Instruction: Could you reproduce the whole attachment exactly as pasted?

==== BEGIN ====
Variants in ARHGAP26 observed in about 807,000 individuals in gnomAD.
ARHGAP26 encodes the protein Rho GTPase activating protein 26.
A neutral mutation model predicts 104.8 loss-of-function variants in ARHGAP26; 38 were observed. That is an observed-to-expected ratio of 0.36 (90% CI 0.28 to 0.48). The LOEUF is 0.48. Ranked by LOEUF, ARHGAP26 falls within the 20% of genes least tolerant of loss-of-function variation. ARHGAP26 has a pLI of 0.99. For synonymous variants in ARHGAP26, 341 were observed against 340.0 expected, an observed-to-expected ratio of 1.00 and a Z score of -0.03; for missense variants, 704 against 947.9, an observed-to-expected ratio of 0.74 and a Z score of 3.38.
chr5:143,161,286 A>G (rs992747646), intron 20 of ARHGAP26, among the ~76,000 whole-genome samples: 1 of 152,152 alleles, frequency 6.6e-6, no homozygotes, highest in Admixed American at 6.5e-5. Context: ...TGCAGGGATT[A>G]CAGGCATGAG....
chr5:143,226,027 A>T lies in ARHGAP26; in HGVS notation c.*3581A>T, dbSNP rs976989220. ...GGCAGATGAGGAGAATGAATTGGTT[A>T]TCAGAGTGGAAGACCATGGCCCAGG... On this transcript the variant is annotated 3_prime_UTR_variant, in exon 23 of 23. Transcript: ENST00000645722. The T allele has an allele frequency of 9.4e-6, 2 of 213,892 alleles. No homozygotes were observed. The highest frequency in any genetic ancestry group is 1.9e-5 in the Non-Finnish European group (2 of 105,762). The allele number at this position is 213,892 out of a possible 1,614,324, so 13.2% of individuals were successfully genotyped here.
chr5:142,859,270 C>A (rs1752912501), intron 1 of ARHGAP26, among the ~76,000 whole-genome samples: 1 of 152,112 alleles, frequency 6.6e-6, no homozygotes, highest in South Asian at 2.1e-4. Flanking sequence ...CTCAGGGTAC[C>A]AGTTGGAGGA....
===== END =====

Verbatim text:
Variants in ARHGAP26 observed in about 807,000 individuals in gnomAD.
ARHGAP26 encodes the protein Rho GTPase activating protein 26.
A neutral mutation model predicts 104.8 loss-of-function variants in ARHGAP26; 38 were observed. That is an observed-to-expected ratio of 0.36 (90% CI 0.28 to 0.48). The LOEUF is 0.48. Ranked by LOEUF, ARHGAP26 falls within the 20% of genes least tolerant of loss-of-function variation. ARHGAP26 has a pLI of 0.99. For synonymous variants in ARHGAP26, 341 were observed against 340.0 expected, an observed-to-expected ratio of 1.00 and a Z score of -0.03; for missense variants, 704 against 947.9, an observed-to-expected ratio of 0.74 and a Z score of 3.38.
chr5:143,161,286 A>G (rs992747646), intron 20 of ARHGAP26, among the ~76,000 whole-genome samples: 1 of 152,152 alleles, frequency 6.6e-6, no homozygotes, highest in Admixed American at 6.5e-5. Context: ...TGCAGGGATT[A>G]CAGGCATGAG....
chr5:143,226,027 A>T lies in ARHGAP26; in HGVS notation c.*3581A>T, dbSNP rs976989220. ...GGCAGATGAGGAGAATGAATTGGTT[A>T]TCAGAGTGGAAGACCATGGCCCAGG... On this transcript the variant is annotated 3_prime_UTR_variant, in exon 23 of 23. Transcript: ENST00000645722. The T allele has an allele frequency of 9.4e-6, 2 of 213,892 alleles. No homozygotes were observed. The highest frequency in any genetic ancestry group is 1.9e-5 in the Non-Finnish European group (2 of 105,762). The allele number at this position is 213,892 out of a possible 1,614,324, so 13.2% of individuals were successfully genotyped here.
chr5:142,859,270 C>A (rs1752912501), intron 1 of ARHGAP26, among the ~76,000 whole-genome samples: 1 of 152,112 alleles, frequency 6.6e-6, no homozygotes, highest in South Asian at 2.1e-4. Flanking sequence ...CTCAGGGTAC[C>A]AGTTGGAGGA....